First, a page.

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Bioremediation of Soil Contaminated with Diesel Using Inorganic Nitrogen Sources: Incorporating nth-Order Algorithm in the Evaluation of Process Kinetics

Onwosi, Chukwudi O., Nwankwegu, Amechi S., Enebechi, Charles K., Odimba, Joyce N., Nwuche, Charles O., Igbokwe, Victor C.
Soil & sediment contamination 2018 v.27 no.1 pp. 60-78
NPK fertilizers, Zea mays, algorithms, ammonium sulfate, bioremediation, germination, nitrogen, petroleum, phytotoxicity, polluted soils, urea, urea fertilizers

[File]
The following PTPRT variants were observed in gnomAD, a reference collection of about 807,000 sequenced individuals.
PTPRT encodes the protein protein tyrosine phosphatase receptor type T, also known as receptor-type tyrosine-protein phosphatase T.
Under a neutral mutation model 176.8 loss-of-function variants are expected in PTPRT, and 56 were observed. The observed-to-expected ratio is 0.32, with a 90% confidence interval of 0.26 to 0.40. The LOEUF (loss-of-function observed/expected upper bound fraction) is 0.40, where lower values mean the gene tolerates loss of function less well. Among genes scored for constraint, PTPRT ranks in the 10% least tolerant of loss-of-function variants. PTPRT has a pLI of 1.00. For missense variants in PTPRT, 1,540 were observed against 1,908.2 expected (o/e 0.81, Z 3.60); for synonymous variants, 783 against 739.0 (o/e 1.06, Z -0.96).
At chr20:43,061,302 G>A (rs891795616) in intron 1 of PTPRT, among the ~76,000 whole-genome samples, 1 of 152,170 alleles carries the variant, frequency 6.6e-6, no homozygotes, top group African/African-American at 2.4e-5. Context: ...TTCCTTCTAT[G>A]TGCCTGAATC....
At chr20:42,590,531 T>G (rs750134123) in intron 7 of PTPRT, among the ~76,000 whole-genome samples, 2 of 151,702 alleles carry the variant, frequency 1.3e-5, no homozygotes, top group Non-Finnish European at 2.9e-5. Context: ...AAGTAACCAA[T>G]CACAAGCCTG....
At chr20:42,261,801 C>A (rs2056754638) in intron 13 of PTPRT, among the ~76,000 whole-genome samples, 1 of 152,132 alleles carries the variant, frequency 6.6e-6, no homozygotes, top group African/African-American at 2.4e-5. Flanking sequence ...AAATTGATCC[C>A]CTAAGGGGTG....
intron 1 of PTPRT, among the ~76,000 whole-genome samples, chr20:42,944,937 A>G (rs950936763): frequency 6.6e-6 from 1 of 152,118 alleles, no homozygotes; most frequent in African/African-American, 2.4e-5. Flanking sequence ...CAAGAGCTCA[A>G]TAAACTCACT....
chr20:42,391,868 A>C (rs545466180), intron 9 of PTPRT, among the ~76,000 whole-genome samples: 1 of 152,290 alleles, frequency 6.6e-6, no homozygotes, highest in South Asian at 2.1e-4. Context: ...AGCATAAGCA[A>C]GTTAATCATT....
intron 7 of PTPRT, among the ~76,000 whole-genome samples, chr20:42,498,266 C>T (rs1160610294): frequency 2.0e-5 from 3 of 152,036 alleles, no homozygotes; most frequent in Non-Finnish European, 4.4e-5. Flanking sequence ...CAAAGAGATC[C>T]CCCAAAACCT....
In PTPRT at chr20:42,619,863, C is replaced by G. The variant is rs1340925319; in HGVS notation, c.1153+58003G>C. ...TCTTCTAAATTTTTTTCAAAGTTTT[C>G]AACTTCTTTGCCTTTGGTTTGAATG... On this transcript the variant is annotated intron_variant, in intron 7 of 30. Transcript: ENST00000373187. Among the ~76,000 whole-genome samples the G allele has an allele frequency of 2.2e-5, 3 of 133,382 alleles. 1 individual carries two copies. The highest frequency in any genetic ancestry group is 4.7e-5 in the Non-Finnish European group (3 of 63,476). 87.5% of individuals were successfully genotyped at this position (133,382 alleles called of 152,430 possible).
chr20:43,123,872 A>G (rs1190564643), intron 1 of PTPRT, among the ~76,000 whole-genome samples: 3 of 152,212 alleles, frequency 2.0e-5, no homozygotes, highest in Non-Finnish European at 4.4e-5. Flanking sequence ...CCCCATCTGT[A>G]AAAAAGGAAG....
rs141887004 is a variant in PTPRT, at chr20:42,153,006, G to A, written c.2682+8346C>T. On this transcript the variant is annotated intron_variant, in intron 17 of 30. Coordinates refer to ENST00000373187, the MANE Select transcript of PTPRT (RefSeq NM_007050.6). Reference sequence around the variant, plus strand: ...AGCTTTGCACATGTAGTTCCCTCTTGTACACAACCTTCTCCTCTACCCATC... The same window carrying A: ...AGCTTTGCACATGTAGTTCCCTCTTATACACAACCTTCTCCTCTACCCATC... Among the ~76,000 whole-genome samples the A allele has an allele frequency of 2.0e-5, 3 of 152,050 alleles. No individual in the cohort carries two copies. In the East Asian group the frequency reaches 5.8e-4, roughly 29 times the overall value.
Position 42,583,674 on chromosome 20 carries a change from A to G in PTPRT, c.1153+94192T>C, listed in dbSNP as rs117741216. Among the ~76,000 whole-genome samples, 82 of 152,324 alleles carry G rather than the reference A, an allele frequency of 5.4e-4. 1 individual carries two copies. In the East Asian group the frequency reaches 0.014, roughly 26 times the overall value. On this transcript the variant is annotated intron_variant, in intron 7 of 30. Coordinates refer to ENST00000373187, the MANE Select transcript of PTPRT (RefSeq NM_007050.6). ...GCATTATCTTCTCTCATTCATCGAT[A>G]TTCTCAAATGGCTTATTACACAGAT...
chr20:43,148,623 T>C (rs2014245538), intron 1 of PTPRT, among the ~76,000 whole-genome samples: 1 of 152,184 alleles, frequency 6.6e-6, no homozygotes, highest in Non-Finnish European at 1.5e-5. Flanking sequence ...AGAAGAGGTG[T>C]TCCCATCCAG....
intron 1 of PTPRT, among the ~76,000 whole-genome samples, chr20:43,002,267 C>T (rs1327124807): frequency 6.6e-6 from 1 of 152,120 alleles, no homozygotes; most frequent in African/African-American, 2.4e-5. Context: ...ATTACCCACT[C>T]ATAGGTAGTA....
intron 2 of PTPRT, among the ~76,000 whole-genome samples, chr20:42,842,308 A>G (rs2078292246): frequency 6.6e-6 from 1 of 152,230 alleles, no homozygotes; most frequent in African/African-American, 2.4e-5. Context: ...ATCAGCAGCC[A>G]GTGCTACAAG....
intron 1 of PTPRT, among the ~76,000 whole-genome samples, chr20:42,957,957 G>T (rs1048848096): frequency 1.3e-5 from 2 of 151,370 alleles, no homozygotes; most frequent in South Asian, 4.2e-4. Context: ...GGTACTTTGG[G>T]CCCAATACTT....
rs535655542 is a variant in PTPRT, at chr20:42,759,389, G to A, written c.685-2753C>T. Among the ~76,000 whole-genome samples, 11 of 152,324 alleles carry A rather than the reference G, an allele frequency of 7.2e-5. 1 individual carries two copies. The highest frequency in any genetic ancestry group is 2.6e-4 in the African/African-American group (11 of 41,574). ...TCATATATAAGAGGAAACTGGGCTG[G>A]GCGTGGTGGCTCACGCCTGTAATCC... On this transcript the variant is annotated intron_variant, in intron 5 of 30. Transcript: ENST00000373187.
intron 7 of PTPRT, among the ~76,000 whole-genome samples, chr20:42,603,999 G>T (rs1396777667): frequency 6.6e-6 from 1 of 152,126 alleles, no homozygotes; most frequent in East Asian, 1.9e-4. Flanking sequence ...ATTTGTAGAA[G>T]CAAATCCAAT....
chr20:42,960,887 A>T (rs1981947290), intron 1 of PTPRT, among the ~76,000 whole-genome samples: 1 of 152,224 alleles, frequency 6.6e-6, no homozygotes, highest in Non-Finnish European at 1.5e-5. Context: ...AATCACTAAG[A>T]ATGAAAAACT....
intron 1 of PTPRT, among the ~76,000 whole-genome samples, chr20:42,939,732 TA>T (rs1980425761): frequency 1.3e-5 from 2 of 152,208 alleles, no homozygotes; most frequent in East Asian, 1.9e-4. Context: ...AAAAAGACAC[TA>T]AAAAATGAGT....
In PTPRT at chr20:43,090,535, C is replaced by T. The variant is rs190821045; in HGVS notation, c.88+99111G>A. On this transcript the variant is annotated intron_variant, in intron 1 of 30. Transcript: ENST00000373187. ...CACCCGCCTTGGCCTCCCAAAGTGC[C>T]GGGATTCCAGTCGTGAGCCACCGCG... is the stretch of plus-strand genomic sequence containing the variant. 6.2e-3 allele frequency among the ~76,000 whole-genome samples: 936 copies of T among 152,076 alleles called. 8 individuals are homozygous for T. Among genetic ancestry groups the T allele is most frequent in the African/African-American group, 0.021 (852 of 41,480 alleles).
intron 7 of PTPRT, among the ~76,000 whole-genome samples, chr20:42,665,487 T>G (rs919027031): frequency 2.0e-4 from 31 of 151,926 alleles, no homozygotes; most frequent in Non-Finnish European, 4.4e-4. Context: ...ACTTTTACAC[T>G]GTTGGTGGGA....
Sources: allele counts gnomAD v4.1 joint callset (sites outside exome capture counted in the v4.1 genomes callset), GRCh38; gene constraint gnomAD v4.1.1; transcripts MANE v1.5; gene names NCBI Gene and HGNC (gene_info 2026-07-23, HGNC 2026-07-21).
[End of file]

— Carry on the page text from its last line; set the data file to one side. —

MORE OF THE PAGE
In the present study, we investigated the effects of inorganic nitrogen sources—(NPK fertilizer, 15:15:15), (urea fertilizer, 46:0:0), (NH₄)₂SO₄ as well as monitored natural attenuation on the bioremediation of diesel-polluted soil. At the end of the 6-week study, the highest degradation was recorded in soil amended with NPK fertilizer (95 ± 2.77%) while the least total petroleum hydrocarbon removal was observed in monitored natural attenuation (89 ± 2.91%). Nth-order kinetics effectively described three of the treatments out of the four treatment plans. These include urea amendment (r² = 0.9925, average relative error (ARE) = 1.45%, root mean square error (RMSE) = 0.038, kₙ = (3.57 ± 0.61) × 10⁻², n = 1.33), NPK fertilizer amendment (r² = 0.9751, ARE = 3.241%, RMSE = 0.086, kₙ = (8.04 ± 0.23) × 10⁻¹, n = 0.74), and monitored natural attenuation (r² = 0.9697, ARE = 2.77%, RMSE = 0.073, kₙ = (1.57 ± 0.50) × 10⁻², n = 1.16). The values of n from the nth-order kinetics parameter estimation indicated that all the treatments resulted in diesel degradation that followed a first-order kinetics path. Thus, the outcome of kinetic modeling showed that nth-order can be used as validating tool when many kinetic orders are under consideration. The phytotoxicity assay with Zea mays showed that the treatments plans resulted in germination indices of 17–55%.